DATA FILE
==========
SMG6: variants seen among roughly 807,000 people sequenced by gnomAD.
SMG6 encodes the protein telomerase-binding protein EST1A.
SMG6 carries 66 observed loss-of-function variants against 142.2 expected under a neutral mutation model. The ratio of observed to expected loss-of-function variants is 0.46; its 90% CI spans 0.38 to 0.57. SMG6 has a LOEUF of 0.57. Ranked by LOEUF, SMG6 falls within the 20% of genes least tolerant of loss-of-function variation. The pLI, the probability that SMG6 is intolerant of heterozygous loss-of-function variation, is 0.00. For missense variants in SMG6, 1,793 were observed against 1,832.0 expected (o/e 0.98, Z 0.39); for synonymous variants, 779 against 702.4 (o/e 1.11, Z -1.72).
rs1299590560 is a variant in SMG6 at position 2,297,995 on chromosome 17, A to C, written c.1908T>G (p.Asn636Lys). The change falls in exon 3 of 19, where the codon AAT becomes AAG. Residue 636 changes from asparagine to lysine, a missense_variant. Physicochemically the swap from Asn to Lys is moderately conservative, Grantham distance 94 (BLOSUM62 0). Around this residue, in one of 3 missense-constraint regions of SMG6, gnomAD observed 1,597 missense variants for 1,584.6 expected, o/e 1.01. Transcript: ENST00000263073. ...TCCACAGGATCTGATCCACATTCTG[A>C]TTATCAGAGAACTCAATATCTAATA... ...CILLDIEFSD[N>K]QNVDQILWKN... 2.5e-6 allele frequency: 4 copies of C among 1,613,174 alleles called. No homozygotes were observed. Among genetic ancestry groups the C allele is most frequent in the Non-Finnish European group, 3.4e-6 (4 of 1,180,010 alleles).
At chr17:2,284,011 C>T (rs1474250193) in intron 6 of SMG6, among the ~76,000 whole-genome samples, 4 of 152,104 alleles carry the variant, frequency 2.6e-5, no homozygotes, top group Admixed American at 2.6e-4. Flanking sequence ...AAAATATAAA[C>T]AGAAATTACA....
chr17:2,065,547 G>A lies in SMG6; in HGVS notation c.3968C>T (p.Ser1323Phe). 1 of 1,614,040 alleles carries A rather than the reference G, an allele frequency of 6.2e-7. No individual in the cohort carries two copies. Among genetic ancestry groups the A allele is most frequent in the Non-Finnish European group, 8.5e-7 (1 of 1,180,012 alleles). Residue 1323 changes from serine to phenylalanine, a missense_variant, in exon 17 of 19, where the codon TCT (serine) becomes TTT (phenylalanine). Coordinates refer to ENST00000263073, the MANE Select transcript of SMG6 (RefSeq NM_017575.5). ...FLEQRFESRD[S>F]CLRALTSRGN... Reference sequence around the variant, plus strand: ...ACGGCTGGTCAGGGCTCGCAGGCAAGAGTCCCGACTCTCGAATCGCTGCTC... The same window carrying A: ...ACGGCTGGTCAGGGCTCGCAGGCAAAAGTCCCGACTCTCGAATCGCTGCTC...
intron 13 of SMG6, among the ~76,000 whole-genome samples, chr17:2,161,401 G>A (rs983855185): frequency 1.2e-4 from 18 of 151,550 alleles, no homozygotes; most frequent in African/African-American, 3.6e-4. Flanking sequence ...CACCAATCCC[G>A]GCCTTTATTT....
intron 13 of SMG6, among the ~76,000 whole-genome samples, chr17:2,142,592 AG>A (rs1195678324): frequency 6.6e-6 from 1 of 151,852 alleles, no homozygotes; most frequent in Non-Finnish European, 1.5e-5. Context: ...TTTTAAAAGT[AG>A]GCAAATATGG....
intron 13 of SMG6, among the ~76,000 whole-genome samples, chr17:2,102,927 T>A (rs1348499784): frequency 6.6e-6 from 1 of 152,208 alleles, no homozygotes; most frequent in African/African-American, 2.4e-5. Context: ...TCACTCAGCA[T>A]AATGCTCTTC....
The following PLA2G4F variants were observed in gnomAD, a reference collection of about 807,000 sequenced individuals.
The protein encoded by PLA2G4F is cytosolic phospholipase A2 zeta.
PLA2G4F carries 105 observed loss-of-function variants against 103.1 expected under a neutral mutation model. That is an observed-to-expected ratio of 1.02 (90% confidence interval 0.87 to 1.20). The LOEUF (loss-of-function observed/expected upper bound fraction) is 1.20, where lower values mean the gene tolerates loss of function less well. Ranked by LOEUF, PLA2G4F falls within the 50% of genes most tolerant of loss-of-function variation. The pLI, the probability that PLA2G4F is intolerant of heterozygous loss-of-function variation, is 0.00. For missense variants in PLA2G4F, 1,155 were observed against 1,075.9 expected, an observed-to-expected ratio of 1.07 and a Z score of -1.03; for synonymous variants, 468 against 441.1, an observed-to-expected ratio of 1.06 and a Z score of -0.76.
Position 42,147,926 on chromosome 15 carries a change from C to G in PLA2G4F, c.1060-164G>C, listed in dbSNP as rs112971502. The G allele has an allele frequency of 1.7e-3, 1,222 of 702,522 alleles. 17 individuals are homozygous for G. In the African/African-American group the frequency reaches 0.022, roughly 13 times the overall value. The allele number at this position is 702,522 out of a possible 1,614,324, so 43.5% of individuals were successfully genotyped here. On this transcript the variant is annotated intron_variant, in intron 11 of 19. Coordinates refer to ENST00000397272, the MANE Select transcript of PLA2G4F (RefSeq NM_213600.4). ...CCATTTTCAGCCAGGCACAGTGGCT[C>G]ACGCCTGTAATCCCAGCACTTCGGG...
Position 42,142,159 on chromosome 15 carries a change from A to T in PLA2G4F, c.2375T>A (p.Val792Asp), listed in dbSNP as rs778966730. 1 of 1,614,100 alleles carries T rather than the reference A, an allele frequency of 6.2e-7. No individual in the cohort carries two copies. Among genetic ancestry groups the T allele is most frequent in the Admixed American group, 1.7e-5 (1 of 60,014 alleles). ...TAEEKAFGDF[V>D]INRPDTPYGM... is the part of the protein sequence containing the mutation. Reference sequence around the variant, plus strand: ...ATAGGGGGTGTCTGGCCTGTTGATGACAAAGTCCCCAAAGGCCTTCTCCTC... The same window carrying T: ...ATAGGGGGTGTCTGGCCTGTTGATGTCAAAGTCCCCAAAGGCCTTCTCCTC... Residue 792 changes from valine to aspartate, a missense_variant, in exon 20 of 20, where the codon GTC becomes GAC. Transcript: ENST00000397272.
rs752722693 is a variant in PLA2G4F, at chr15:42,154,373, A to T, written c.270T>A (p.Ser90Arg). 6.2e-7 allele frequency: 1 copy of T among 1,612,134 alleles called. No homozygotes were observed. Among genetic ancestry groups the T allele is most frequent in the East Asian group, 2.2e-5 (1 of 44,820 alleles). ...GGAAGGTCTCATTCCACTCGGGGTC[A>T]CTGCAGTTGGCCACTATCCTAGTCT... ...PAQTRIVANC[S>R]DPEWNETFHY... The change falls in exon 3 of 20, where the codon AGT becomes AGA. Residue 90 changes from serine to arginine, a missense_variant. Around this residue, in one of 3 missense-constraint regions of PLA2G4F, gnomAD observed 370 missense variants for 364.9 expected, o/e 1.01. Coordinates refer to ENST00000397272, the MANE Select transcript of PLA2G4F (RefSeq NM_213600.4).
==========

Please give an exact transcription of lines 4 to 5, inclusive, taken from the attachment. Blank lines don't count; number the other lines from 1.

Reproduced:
rs1299590560 is a variant in SMG6 at position 2,297,995 on chromosome 17, A to C, written c.1908T>G (p.Asn636Lys). The change falls in exon 3 of 19, where the codon AAT becomes AAG. Residue 636 changes from asparagine to lysine, a missense_variant. Physicochemically the swap from Asn to Lys is moderately conservative, Grantham distance 94 (BLOSUM62 0). Around this residue, in one of 3 missense-constraint regions of SMG6, gnomAD observed 1,597 missense variants for 1,584.6 expected, o/e 1.01. Transcript: ENST00000263073. ...TCCACAGGATCTGATCCACATTCTG[A>C]TTATCAGAGAACTCAATATCTAATA... ...CILLDIEFSD[N>K]QNVDQILWKN... 2.5e-6 allele frequency: 4 copies of C among 1,613,174 alleles called. No homozygotes were observed. Among genetic ancestry groups the C allele is most frequent in the Non-Finnish European group, 3.4e-6 (4 of 1,180,010 alleles).
At chr17:2,284,011 C>T (rs1474250193) in intron 6 of SMG6, among the ~76,000 whole-genome samples, 4 of 152,104 alleles carry the variant, frequency 2.6e-5, no homozygotes, top group Admixed American at 2.6e-4. Flanking sequence ...AAAATATAAA[C>T]AGAAATTACA....